Search
  • Austin Hatcher Foundation

What is Unschooling?

If homeschooling isn't working for you, have you considered "unschooling?" In the excerpt below gathered by our Occupational Therapist Tammy Gipson, we explore what unschooling means and how it could benefit your child while homeschooling, whether it's temporary due to COVID-19, or you homeschool year-round.



Unschooling is often described as a type of homeschooling. However, the approach to learning is notably different. Unschooling is dictated by the child’s interests and is less structured than is homeschooling. Homeschoolers are guided by state and national standards — parents plan lessons, assign homework, and grade assignments. Unschooling is whatever the student wants it to be. To some degree, both unconventional approaches to learning are driven by the individual child; unschooling takes this to the extreme.


Unschooling families look for opportunities to make learning opportunities out of everyday household tasks like cooking, replacing the smoke alarm batteries or the car air filter. Children are encouraged to pursue their interests — like dinosaurs or fashion or farming — with books, videos, hands-on activities, games, and experiments.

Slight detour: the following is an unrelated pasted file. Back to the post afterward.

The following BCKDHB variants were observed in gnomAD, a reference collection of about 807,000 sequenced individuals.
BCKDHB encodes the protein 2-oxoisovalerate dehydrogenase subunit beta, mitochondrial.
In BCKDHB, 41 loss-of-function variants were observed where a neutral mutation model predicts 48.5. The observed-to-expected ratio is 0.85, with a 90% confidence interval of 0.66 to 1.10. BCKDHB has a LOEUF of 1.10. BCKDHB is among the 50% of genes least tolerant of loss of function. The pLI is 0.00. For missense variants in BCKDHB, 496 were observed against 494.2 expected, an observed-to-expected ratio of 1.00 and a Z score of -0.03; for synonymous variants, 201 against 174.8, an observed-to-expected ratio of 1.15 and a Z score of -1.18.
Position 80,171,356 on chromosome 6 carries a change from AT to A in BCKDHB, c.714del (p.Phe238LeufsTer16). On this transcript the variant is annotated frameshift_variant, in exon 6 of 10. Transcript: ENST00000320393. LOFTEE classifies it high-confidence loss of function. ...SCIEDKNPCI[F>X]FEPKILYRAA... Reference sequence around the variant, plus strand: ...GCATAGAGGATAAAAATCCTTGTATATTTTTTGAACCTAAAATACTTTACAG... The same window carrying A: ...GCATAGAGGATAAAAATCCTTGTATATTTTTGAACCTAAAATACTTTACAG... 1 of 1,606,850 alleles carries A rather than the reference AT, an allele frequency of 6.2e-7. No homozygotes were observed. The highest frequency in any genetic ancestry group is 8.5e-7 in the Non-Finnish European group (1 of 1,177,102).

During cooking activities, you can find great opportunities to learn math skills completing measurements and fractions. In my house during cooking, it often turns into a science experiment! Either way, learning opportunities arise and can be embraced.


In an environment where everyone is confused about how to best ensure their children are receiving all they need, we all need to know that our children will be ok. Historically, children have been placed in situations where they could not attend or be a part of formal education, and they have still been able to succeed.


Most importantly, as parents we need to remember that during this COVID-19 crisis, our children are learning through us, they are learning lessons on how to cope. Children are seeing first-hand how to manage stress and time through our daily examples. It is so important that we stay optimistic and positive because our children will pick up on our energy. Let’s make the only thing contagious in our homes a positive attitude – because we CAN do this!

Resource: ADDitude newsletter@additudemag.com

0 views

Austin Hatcher Foundation for Pediatric Cancer 

1705 S. Holtzclaw Ave. Chattanooga, TN  37404

www.hatcherfoundation.org  

phone: 423.243.3471    fax: 423-498-3581